High Altitude Baking: Cornmeal muffins (recipe) | SummitDaily.com

High Altitude Baking: Cornmeal muffins (recipe)

Vera Dawson
High Country Baking

These cornmeal muffins can be stored in the freezer as a quick way to elevate a future meal.

Editor's note: High altitudes makes cookies spread in the pan, cakes fall, and few baked goods turn out as they do at sea level. This twice-monthly column presents recipes and tips that make baking in the mountains successful.

Cornmeal muffins — always tasty, always a treat. These savory little guys are one of my favorites; real corn kernels add texture and dill intensifies flavor in a batter made more complex by sour cream and tangy yogurt. Serve them with soup or a salad for lunch, or as part of a bread basket for dinner. I often double the recipe, freeze some, and have a quick way to elevate any meal.

The secrets to their success are to stir lightly and as little as possible when combining the wet and dry ingredients, and to serve them warm. For more whole-grain goodness and a slightly nutty flavor, substitute white whole wheat flour for up to half of the all-purpose flour.

CORNMEAL MINI MUFFINS WITH CORN KERNELS

Makes 12 two-inch muffins

Adjusted for altitudes of 8,000 feet and above

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½ cup bleached all-purpose flour (spoon and level)

3 tablespoons yellow cornmeal

3 tablespoons superfine granulated sugar, preferably Baker's

¾ teaspoon baking powder

Generous ¼ teaspoon salt

¼ cup sour cream (light is fine)

¼ cup plain yogurt (fat-free is fine)

1 large egg

2 tablespoons unsalted butter, melted

¼ cup corn kernels, fresh or frozen (defrost and pat dry if frozen)

1 tablespoon fresh dill or 1 teaspoon dry dill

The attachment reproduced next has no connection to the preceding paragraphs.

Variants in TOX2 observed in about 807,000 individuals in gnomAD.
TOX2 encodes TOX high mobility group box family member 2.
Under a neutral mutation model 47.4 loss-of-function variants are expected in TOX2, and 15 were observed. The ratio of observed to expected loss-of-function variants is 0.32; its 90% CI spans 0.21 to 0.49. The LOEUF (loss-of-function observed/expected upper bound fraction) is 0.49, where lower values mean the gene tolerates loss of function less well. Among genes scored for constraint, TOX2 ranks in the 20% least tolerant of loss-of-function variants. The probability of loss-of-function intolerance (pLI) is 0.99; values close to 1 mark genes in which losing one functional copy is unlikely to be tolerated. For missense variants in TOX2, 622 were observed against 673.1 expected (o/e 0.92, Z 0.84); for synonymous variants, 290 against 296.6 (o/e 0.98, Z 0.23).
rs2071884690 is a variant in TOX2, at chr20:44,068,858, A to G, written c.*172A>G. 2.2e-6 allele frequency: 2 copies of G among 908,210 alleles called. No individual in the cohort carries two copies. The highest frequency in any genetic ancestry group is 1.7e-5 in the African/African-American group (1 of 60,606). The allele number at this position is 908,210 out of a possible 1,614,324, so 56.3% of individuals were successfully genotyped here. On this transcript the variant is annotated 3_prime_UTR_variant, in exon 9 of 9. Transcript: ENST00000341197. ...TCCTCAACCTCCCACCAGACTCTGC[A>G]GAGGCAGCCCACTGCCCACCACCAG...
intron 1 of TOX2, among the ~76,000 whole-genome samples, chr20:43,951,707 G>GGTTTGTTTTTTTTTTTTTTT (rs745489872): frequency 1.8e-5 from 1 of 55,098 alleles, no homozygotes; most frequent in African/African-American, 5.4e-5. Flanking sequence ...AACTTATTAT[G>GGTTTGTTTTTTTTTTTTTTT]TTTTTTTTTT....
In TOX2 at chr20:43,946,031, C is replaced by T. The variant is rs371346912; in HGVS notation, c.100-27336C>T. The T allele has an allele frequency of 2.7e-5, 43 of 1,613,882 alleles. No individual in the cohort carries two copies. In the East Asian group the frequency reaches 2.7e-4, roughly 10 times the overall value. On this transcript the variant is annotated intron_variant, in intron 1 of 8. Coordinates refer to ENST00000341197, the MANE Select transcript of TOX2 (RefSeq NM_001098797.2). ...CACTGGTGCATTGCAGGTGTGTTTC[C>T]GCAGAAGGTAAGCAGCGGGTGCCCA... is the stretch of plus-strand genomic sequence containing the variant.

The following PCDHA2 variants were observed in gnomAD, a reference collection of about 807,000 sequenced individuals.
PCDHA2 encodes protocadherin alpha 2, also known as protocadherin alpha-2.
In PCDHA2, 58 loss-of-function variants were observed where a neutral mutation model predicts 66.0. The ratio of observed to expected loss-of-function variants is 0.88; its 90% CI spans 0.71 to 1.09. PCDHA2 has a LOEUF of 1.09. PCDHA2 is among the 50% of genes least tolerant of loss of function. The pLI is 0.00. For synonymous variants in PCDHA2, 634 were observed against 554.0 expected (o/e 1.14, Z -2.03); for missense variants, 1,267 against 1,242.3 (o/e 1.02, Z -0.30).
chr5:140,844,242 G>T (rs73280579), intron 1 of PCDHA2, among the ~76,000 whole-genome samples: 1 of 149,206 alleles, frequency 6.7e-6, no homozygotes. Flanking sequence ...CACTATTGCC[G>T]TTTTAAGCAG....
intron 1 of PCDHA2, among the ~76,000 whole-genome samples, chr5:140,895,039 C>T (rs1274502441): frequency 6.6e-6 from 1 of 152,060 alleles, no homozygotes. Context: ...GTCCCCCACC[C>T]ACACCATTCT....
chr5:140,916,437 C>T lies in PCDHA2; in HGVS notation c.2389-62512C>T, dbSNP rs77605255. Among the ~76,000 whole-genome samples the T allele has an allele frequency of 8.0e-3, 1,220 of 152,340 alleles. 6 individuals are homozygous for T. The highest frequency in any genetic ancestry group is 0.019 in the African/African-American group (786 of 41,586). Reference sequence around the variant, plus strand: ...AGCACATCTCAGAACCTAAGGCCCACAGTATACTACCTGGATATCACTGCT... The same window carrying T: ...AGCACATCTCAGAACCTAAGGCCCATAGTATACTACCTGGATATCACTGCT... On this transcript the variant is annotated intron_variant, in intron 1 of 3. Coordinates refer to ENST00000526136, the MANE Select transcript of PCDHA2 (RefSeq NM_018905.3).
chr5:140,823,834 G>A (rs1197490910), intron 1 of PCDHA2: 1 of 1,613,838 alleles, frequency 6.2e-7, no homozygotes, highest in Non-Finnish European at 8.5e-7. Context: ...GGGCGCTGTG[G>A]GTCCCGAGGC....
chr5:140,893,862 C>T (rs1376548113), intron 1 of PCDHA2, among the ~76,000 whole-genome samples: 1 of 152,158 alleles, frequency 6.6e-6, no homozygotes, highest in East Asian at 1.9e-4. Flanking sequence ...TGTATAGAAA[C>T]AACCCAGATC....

1. Preheat oven to 400 degrees with a rack in the center position. Line the mini muffin pan with paper liners and grease the liners with a flour-vegetable oil spray (I know, that sounds like overkill, but baked goods stick at our altitude). Set aside.

2. Combine the flour, cornmeal, sugar, baking powder and salt in a small bowl or 2-cup measure and whisk vigorously to combine. Set aside. Whisk the sour cream, yogurt and egg in a medium-sized mixing bowl until blended. Add the melted butter and whisk again. Add the dry ingredients, all at once, and stir with a silicone spatula or wooden spoon only until all dry ingredients are incorporated in the batter; the batter won't be smooth. Gently stir in the corn kernels and dill until distributed evenly.

3. Spoon the batter into paper liners, filling them between two-thirds and three-fourths of the way to the top. If needed, smooth the tops. Bake until the muffins rise, set and are colored lightly (12-15 minutes). Remove the pan to a rack and, as soon as possible, remove the muffins, (in their paper liners), from the pan to the rack to cool. They can be served when they're still slightly warm, or cooled completely, covered and re-warmed in a 325-degree oven. If you're not serving them on the day they're made, freeze them, double wrapped, for up to a month.

This is a variation of a recipe from Bon Appetit Magazine.

Vera Dawson instructs classes on high-altitude baking and is the author of the high-altitude cookbooks, "Cookies in the Clouds" and "Baking Above It All" (available at The Bookworm in Edwards and Next Page Bookstore in Frisco). Her recipes have been tested in her Summit County kitchen and, whenever necessary, altered until they work at our altitude. Contact her at veradawson1@gmail.com.